Doing the mash in Masham

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Laura visits Theakston’s brewery in Masham and meets the country’s last-remaining full-time cooper while also learning of the painstaking work which goes into creating the perfect pint.

Only the last remaining craft cooper in the country could call rolling down a hill in a self-built butt-sized cask filled with brewery waste “highly fun”.

Cooper Jonathan Manby at Theakston's brewery. (130214M1d)

Cooper Jonathan Manby at Theakston's brewery. (130214M1d)

But for Jonathan Manby – who is employed full-time at Theakston’s legendary brewery in Masham to hand-build wooden casks for ales – the ritual of the “trussing-in” ceremony back in 1999 marked the end of a four-year 
apprenticeship and his fully-fledged entry into an almost extinct profession.

As part of the ancient initiation ceremony, Jonathan was not only splattered in left-overs from the brewing process while being hurtled down a hill but was also granted the first sip of beer produced from the hand-crafted barrel.

“You certainly need a drink afterwards,” laughs Jonathan, sitting on a wooden stool inside his enigmatic workshop custom-made for cask creation – an underground cellar room which looks like it might have sprung from the pages of a JRR Tolkien novel.

Even with his towering 6ft 2in frame, climbing into the 108-gallon vessel for the ceremony wasn’t a problem for Jonathan.

“I’d recommended it to anyone,” he says. “You have plenty of spirit afterwards.”

A couple of centuries ago, hundreds of coopers were scattered across Britain carving wooden casks to store ales.

But in the second decade of the 21st century, if not for Jonathan it would be an obsolete craft.

“He is single-handedly keeping up the tradition,” enthuses Victoria Bramley, the brewery’s consumer market manager as she watches Jonathan tinker with a variety of impressive tools as he adeptly constructs his latest cask.

“I can’t see a time when Theakston’s won’t employ a cooper and brew using wooden barrels.”

But what’s the difference in taste between a beer conditioned inside a wooden cask rather than one made of metal – the standard material now used for casks by breweries across the country?

Not much, concedes Victoria, who says sampling and assessing the brewery’s portfolio of ales is done by the brewery’s own staff rather than an external professional taster.

“But someone with a very discriminating palate would be able to taste the difference,” she adds.

Which prompts the question: why continue with a tradition more time-consuming for the brewery than using metal casks when arguably it doesn’t add any flavour improvements to the finished beer?

“The wooden barrels are recyclable so they’re a very green product. And they look beautiful. People like the idea of the ‘Old Peculier’,” Victoria says.

Old Peculier is one of Theakston’s most famous beers, now sold all over the world, bursting with rich and aromatic flavours imparted by the grains and whole-leaf English hops.

Along with Old Peculier, Theakstons’s impressive catalogue of ales includes Cooper’s Butt, Masham Ale – the brewery’s strongest beer at 6.5 per cent ABV – Lightfoot, and Hosgshead Bitter – a special brew created in 1994 to commemorate the trussing-in ceremony.

This month’s seasonal brew is Paradise Ale, a beer named after founder Robert Theakston’s “Paradise” field where he first built the brewery in 1850 – and where the brewery still sits today.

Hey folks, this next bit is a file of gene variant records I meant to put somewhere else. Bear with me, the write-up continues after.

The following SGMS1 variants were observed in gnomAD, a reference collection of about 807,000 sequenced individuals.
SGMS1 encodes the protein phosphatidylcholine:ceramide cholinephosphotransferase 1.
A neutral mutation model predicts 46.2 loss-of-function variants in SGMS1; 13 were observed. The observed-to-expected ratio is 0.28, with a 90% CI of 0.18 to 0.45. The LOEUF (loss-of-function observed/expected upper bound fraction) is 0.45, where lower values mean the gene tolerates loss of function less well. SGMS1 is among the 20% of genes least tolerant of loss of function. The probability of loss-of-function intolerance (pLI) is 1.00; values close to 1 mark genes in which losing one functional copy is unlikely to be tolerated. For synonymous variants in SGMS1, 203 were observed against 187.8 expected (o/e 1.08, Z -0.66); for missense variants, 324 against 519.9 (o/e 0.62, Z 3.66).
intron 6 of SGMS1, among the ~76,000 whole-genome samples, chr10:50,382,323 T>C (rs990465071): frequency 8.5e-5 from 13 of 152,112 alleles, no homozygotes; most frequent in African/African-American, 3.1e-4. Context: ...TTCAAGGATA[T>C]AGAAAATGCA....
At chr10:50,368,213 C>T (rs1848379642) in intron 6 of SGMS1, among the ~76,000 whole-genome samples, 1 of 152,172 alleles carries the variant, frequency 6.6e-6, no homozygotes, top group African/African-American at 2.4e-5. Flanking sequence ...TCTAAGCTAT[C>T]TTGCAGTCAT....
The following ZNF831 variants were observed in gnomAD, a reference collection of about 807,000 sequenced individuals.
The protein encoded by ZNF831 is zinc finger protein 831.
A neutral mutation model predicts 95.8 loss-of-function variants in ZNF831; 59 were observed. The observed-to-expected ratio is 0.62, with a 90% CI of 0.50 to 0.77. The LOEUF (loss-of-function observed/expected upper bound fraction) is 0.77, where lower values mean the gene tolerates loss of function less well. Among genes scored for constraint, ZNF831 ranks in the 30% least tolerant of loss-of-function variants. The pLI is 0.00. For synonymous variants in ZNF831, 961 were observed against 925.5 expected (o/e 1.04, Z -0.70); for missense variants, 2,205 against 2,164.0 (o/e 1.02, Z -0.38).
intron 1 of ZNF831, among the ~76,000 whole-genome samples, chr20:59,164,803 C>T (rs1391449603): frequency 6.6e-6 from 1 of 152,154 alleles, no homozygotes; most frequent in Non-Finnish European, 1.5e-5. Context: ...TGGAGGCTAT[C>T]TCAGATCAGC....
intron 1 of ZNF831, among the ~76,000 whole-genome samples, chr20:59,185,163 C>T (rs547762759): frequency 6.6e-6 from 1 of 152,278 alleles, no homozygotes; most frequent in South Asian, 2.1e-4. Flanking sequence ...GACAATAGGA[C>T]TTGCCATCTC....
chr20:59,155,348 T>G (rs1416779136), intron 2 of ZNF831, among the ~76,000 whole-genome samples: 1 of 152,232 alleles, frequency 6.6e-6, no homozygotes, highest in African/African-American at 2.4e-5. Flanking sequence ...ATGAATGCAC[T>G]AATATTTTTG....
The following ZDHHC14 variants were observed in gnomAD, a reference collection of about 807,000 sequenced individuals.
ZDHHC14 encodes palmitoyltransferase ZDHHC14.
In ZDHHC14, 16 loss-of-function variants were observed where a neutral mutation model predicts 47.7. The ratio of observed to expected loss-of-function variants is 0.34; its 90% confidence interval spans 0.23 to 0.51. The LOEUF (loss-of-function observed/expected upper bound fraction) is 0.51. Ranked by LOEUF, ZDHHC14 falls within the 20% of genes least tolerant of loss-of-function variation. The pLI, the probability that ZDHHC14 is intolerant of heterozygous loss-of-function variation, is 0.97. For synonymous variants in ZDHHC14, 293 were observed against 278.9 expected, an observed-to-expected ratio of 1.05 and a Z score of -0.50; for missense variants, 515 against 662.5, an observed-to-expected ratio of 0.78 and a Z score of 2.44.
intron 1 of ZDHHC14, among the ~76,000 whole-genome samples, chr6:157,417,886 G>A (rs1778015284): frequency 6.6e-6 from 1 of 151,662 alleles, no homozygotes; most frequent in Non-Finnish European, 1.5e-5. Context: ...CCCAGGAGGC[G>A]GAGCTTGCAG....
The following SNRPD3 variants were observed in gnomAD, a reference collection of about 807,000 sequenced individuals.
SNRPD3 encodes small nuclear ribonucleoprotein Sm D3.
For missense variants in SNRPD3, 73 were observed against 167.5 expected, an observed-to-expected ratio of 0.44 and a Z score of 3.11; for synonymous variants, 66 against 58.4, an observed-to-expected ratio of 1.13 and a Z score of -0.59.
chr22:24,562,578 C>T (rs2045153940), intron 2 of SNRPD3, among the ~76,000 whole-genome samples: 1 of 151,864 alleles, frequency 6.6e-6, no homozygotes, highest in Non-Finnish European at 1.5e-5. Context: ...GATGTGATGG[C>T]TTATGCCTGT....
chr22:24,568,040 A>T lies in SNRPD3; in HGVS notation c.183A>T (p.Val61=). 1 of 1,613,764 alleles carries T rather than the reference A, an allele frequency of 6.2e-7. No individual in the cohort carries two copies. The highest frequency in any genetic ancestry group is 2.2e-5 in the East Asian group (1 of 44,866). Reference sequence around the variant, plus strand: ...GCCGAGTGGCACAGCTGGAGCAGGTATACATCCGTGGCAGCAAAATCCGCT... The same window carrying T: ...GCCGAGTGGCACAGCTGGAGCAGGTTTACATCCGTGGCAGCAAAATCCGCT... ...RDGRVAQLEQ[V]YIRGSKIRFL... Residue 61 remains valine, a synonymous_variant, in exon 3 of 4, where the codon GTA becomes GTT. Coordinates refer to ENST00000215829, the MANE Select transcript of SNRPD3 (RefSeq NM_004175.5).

“I like the fact every single beer is so different,” says Victoria. “I just love beer full stop.

“Everybody who works here has got that passion.”

And for the brewers themselves, working at Theakston’s involves the continuation of a unique and important tradition which has retained its familial roots with Robert Theakston’s descendents – brothers Simon, Edward, Nick and Tim – still heading the business.

Stood beside a huge cast iron vat bubbling over with fermenting ale, second 
brewer David Sopko talks about how attitudes to real ale in the UK differ from his native Canada.

“It’s charming to work somewhere with so much tradition,” he grins.

Thirty-year-old David, who immigrated to the UK in 2006 to study for a specialist brewing degree in Edinburgh, adds: “I see this as my career for the next couple of decades.

“There is a lot more lager in Canada!”

To make their ales, Theakston’s soak English barley grist in hot water (called “liquor”, in brewerspeak) in a huge mash tun where starches in the grain are converted to sugars.

Following this mashing period, the grains and sugar are rinsed and the extract (called “wort”, rhymes with “hurt”) is transferred to a boiler where whole-leaf hops are added to create bitterness and aroma in the finished product.

Once the boil is over, the wort is cooled and put in the fermentation vats where the yeast convert the sugars to alcohol.

Whereas most keg beers and lagers you find on the bar of a British pub are force-carbonated (where carbon dioxide is added extraneously to give it fizziness), real ale undergoes a secondary fermentation in the cask where carbon dioxide is created naturally by the yeast to bring the beer into condition for drinking.

And it is near the end of my brewery tour I discover that for the staff working at Theakston’s, “lager” – or at least what passes for it in most UK pubs, as opposed to the more 
genuine article found on the continent – is still a dirty word.

Sipping a tumbler of Paradise Light in the brewery tap I admit to being a fan of real ale’s poorer cousin – or as CAMRA (the Campaign for 
Real Ale) might describe it, ice-cold, weakly-hopped, force-carbonated Anglo-
lager.

“Don’t swear at me,” one of the bar staff exclaims as I make my terrible faux-pas.

After spending a day witnessing the passion, the experience and the sheer physical graft which goes into developing a perfect pint of Theakston’s beer, I think I’ve just had my real ale epiphany.